A handful of players were sporting some new attire when the team walked off the practice field on Tuesday, and two of them are a member of the secondary.
Among the new Blackshirts are junior cornerback Lamar Jackson and senior safety Tre Neal.
Originally, sophomore corner Dicaprio Bootle was the only defensive back to get a Blackshirt when the first round were handed out. Senior safety Aaron Williams joined him a couple of weeks later.
Not getting a Blackshirt early on was a tough blow for Jackson as he was getting used to the new coaching staff.
“They kind of told me, ‘We hold you to a different standard because we want you to be a pro and we expect you to act like a pro,’” Jackson said. “At the end of the day once we saw eye to eye, I realized the coaches weren’t acting out of spite, it was more for me and my future to benefit me, I had no problem with going out there and working and improving and getting my spot back as well as the Blackshirt.”
Now, all four base starters in the secondary have their Blackshirts.
“[It shows] that my hard work is actually paying off, that I’m getting the respect of my coaches as well as my teammates in the locker room,” Jackson said. “I’m in a good place right now. I’m happy I got it.”
Jackson has had a tumultuous season. He opened as a starter and played basically 100 percent of the snaps until the coaches sent reserves in late against Michigan, but got benched for a combination of poor play and trash talk in the first half against Purdue. He was listed with the second unit in Nebraska’s depth chart ahead of the Wisconsin game.
“It was hard,” Jackson said. “I had it in me, I can say that. It’s not really too much more than just a mindset, I think. It’s a want-to to go do it. I’d never had to play behind anybody for a while. So when that happened to me, I had no choice but to tighten up.”
Jackson got back to work and earned his way back onto the field, playing in a rotation against the Badgers then regaining his full-time starting position against Northwestern. His last two games have been two of the best performances of his career. Defensive backs coach Travis Fisher said he’s doing what the coaches are asking him to do and his performance in practice is carrying over to the games.
“He did a lot of great things in the [Minnesota] game,” Fisher said. “The last couple weeks he’s done a lot of great things in the game and is playing a ton of man coverage and it’s not easy. He’s been asked to do a lot of things in the football games to give us a chance and for the most part he’s doing a great job at it. I’d like for him to come down with some of these balls, let it become like an award for him for being in a great position on some of those plays.”
Bootle said he was happy to see his teammate’s work rewarded.
“That’s my brother,” Bootle said. “I’m happy for him. That’s something that he was working at. At the beginning when he didn’t get his Blackshirt, you can always see when a guy is a little disappointed. But it fueled his fire. He knew that he had to work, he knew he wasn’t where he wanted to be at. Over the weeks he’s been playing better and better. He’s been playing some of his best games he’s had since he’s been here. With that being said, he earned that thing.”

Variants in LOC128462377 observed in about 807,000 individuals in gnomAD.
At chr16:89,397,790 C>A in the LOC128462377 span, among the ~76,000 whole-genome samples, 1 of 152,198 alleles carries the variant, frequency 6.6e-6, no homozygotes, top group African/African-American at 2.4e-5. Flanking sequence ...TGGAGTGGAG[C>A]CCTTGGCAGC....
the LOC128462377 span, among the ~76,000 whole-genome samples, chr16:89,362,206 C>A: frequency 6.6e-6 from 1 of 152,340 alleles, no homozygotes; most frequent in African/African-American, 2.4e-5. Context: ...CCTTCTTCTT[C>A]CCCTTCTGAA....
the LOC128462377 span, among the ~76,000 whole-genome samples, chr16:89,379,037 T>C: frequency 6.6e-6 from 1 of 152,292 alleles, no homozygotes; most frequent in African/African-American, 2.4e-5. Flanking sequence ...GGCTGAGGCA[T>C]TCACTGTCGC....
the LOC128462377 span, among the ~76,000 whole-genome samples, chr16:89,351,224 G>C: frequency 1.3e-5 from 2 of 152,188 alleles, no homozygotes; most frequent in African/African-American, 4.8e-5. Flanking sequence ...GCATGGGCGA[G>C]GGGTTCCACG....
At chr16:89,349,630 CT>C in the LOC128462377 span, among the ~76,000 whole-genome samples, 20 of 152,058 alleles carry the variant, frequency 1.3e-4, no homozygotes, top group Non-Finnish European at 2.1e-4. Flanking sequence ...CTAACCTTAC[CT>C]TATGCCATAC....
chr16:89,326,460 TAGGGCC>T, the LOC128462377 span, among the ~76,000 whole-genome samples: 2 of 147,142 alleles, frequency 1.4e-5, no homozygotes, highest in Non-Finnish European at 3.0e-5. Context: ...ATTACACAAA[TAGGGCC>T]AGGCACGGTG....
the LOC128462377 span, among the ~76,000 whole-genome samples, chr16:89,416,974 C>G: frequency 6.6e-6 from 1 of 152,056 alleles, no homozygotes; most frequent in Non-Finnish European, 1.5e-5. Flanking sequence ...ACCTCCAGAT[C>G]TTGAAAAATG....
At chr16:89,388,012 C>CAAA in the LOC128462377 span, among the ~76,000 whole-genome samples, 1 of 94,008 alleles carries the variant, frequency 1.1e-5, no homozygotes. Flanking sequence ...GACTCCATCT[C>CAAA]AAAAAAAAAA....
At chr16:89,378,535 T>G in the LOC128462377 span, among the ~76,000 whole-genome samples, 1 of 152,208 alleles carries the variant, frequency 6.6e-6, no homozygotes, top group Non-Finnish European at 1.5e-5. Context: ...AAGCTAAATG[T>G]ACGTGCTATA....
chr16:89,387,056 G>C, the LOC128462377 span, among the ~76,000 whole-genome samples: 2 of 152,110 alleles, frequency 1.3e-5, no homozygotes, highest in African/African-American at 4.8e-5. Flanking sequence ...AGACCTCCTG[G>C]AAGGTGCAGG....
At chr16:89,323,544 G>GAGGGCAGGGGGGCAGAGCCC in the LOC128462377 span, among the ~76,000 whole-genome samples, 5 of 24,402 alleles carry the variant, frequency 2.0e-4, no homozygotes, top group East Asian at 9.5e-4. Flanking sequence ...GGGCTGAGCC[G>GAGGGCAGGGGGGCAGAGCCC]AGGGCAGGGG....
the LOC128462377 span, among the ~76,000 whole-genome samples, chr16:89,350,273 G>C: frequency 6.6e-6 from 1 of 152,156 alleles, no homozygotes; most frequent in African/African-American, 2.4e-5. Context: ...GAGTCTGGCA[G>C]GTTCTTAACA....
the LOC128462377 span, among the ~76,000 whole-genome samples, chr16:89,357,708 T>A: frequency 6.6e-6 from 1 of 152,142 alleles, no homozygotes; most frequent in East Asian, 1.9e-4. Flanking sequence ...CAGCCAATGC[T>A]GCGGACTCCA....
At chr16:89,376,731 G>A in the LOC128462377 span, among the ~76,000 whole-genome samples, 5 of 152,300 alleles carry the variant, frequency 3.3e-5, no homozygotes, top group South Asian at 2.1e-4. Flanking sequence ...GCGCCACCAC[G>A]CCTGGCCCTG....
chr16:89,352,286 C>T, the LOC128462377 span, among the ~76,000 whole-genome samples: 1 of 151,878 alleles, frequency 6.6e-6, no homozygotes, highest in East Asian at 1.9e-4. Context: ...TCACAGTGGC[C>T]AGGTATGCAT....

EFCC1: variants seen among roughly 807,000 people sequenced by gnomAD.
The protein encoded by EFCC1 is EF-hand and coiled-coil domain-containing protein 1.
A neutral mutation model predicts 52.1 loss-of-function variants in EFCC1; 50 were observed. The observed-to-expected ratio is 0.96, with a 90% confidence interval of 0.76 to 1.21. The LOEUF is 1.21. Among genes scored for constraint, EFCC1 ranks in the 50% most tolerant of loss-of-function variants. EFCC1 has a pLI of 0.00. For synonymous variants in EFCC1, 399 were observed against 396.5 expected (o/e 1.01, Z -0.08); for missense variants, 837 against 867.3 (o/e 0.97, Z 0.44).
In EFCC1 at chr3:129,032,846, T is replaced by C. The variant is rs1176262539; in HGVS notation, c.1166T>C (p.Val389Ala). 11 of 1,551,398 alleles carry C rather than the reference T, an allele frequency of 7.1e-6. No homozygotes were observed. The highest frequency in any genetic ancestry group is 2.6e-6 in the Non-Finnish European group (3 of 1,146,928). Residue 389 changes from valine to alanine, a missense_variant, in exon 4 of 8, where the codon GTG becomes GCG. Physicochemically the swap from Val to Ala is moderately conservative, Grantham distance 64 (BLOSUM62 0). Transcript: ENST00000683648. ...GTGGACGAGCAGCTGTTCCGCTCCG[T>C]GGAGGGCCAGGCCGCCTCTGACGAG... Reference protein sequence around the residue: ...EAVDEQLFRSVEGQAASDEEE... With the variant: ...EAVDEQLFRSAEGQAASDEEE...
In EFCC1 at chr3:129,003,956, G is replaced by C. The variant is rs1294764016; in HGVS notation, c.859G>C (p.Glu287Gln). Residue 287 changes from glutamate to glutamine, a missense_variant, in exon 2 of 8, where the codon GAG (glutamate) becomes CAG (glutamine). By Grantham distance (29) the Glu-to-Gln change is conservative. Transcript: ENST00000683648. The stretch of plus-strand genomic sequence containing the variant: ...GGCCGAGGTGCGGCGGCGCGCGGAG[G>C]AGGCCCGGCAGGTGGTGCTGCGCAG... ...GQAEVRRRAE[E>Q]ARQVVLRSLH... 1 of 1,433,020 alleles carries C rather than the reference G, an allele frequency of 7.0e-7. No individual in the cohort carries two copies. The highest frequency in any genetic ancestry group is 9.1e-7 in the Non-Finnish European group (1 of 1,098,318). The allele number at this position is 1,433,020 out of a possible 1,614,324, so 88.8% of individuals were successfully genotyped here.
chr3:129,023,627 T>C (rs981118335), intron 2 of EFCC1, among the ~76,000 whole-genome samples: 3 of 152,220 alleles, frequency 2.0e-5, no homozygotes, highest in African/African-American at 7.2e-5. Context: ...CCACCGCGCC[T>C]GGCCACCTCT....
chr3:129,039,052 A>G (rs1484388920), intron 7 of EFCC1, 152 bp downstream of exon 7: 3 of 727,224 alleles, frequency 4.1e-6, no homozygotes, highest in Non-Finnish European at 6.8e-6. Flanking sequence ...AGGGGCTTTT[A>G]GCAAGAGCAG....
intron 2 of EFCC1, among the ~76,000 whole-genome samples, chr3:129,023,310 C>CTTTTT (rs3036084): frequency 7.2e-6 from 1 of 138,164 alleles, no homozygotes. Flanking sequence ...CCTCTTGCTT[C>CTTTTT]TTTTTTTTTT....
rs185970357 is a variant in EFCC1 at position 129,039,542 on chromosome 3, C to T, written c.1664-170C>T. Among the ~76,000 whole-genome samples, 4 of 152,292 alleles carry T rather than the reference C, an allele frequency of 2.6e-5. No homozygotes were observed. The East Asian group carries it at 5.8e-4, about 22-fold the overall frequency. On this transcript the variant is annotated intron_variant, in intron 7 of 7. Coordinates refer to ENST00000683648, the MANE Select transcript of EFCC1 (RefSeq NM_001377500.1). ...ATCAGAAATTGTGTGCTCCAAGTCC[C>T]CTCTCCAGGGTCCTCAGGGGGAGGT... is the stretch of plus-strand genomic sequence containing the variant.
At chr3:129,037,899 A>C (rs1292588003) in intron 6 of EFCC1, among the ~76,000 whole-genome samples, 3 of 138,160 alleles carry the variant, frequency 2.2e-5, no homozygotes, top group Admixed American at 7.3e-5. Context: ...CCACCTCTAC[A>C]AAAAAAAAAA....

Jackson isn’t the only one in the secondary that has seen his snaps limited or his name moved down the depth chart at one point. So far, Fisher has seen a common response from those players.
“Any time a guy gets yanked during a football game, it’s only one of two things: either you can be down and stay down or you can get up and fight. Aaron, Lamar, Antonio [Reed], all those guys have been put in that situation this year and all three of them got up swinging,” Fisher said. “That’s what I want out of those guys … Nothing is given, everything is earned. It’s kind of set up for when they fail, getting back up swinging because nothing is given to them. So it doesn’t surprise me. I’m happy as a coach that I’ve got guys that can get up and swing after they’ve been knocked down on the ground. I’m proud to coach them.”
As for Neal, the graduate transfer from Central Florida has had a big hand in helping teach defensive coordinator Erik Chinander’s system at Nebraska. However, the coaches didn’t feel it was right to give him a Blackshirt right away.
“He’s been doing a great job since he’s been here,” Fisher said. “He’s been doing everything right since he’s been here. Early in the year we just thought, maybe the Blackshirt… I don’t know, it’s just unique deal for him, not from here, from transferring in, maybe him being one of the first couple of guys to get a Blackshirt, I don’t think that’s sending the right message. I think he needed to grind and work for it just like the rest of the guys do and even though he was doing a lot of things right, I think now is the right time for Tre to earn one.”
Neal did not stop to speak after practice (he spoke during Monday’s press conference), but Bootle spoke about how the senior safety reacted to getting his shirt.
“He was humble about it, thankful to say the least,” Bootle said. “I just kind of told him he’s officially the GOAT now. He got his and I’m happy for him, I’m happy for all those guys that got their Blackshirts today because they earned it. It wasn’t given, they really earned those things.”
Defensive linemen Carlos and Khalil Davis also received their Blackshirts on Monday, boosting the total to 12 — four defensive backs, four linebackers and four linemen.
Jacob is in his third year with Hail Varsity covering Husker athletics. He has also written extensively for SB Nation’s Bright Side of the Sun and The Creightonian. His love of basketball can best be described as an obsession and if you need to find him, he’s probably in a gym somewhere watching, coaching or playing hoops.